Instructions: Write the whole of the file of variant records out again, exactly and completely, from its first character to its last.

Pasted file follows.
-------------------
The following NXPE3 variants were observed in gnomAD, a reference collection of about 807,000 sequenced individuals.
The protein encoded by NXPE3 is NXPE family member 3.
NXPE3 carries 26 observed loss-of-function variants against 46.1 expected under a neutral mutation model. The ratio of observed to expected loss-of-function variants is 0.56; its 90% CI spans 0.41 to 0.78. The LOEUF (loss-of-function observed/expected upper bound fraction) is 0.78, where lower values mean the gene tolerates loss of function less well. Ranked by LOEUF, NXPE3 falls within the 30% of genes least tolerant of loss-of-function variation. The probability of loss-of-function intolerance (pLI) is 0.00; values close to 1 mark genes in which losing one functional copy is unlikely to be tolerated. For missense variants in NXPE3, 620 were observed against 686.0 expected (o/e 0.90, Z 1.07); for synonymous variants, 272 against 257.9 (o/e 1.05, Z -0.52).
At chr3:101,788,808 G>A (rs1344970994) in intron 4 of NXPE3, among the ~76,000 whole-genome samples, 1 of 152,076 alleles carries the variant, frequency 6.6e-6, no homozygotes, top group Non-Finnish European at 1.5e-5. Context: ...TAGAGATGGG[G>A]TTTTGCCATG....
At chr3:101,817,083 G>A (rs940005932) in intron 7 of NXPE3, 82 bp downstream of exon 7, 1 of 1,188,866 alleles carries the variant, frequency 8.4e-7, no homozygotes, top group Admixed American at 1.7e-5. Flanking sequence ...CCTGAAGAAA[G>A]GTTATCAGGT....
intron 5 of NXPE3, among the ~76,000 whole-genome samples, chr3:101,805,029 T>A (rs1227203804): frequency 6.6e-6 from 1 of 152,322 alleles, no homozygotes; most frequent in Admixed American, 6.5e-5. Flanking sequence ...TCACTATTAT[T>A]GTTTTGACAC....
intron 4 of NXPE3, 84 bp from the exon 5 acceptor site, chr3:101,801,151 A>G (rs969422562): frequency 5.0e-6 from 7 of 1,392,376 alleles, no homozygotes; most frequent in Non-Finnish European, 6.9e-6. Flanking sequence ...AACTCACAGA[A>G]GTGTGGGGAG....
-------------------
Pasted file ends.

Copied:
The following NXPE3 variants were observed in gnomAD, a reference collection of about 807,000 sequenced individuals.
The protein encoded by NXPE3 is NXPE family member 3.
NXPE3 carries 26 observed loss-of-function variants against 46.1 expected under a neutral mutation model. The ratio of observed to expected loss-of-function variants is 0.56; its 90% CI spans 0.41 to 0.78. The LOEUF (loss-of-function observed/expected upper bound fraction) is 0.78, where lower values mean the gene tolerates loss of function less well. Ranked by LOEUF, NXPE3 falls within the 30% of genes least tolerant of loss-of-function variation. The probability of loss-of-function intolerance (pLI) is 0.00; values close to 1 mark genes in which losing one functional copy is unlikely to be tolerated. For missense variants in NXPE3, 620 were observed against 686.0 expected (o/e 0.90, Z 1.07); for synonymous variants, 272 against 257.9 (o/e 1.05, Z -0.52).
At chr3:101,788,808 G>A (rs1344970994) in intron 4 of NXPE3, among the ~76,000 whole-genome samples, 1 of 152,076 alleles carries the variant, frequency 6.6e-6, no homozygotes, top group Non-Finnish European at 1.5e-5. Context: ...TAGAGATGGG[G>A]TTTTGCCATG....
At chr3:101,817,083 G>A (rs940005932) in intron 7 of NXPE3, 82 bp downstream of exon 7, 1 of 1,188,866 alleles carries the variant, frequency 8.4e-7, no homozygotes, top group Admixed American at 1.7e-5. Flanking sequence ...CCTGAAGAAA[G>A]GTTATCAGGT....
intron 5 of NXPE3, among the ~76,000 whole-genome samples, chr3:101,805,029 T>A (rs1227203804): frequency 6.6e-6 from 1 of 152,322 alleles, no homozygotes; most frequent in Admixed American, 6.5e-5. Flanking sequence ...TCACTATTAT[T>A]GTTTTGACAC....
intron 4 of NXPE3, 84 bp from the exon 5 acceptor site, chr3:101,801,151 A>G (rs969422562): frequency 5.0e-6 from 7 of 1,392,376 alleles, no homozygotes; most frequent in Non-Finnish European, 6.9e-6. Flanking sequence ...AACTCACAGA[A>G]GTGTGGGGAG....